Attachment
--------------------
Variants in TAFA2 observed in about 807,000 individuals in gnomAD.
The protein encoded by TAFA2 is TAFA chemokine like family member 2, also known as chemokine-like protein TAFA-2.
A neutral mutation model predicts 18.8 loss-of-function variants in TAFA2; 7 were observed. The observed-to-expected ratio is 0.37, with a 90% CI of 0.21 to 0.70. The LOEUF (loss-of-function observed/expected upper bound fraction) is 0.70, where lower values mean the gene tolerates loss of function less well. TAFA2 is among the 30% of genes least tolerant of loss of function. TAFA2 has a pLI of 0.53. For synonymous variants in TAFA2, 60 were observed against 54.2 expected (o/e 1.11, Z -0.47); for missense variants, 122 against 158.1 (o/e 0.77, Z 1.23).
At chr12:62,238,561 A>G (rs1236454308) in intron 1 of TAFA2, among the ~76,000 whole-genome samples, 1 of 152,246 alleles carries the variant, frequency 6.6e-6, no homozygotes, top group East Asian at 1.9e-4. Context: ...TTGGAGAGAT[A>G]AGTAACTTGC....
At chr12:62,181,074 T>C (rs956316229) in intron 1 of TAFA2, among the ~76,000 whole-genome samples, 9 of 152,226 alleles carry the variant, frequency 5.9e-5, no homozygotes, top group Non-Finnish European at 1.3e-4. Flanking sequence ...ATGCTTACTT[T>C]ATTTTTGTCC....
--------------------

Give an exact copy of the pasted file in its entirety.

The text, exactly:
Variants in TAFA2 observed in about 807,000 individuals in gnomAD.
The protein encoded by TAFA2 is TAFA chemokine like family member 2, also known as chemokine-like protein TAFA-2.
A neutral mutation model predicts 18.8 loss-of-function variants in TAFA2; 7 were observed. The observed-to-expected ratio is 0.37, with a 90% CI of 0.21 to 0.70. The LOEUF (loss-of-function observed/expected upper bound fraction) is 0.70, where lower values mean the gene tolerates loss of function less well. TAFA2 is among the 30% of genes least tolerant of loss of function. TAFA2 has a pLI of 0.53. For synonymous variants in TAFA2, 60 were observed against 54.2 expected (o/e 1.11, Z -0.47); for missense variants, 122 against 158.1 (o/e 0.77, Z 1.23).
At chr12:62,238,561 A>G (rs1236454308) in intron 1 of TAFA2, among the ~76,000 whole-genome samples, 1 of 152,246 alleles carries the variant, frequency 6.6e-6, no homozygotes, top group East Asian at 1.9e-4. Context: ...TTGGAGAGAT[A>G]AGTAACTTGC....
At chr12:62,181,074 T>C (rs956316229) in intron 1 of TAFA2, among the ~76,000 whole-genome samples, 9 of 152,226 alleles carry the variant, frequency 5.9e-5, no homozygotes, top group Non-Finnish European at 1.3e-4. Flanking sequence ...ATGCTTACTT[T>C]ATTTTTGTCC....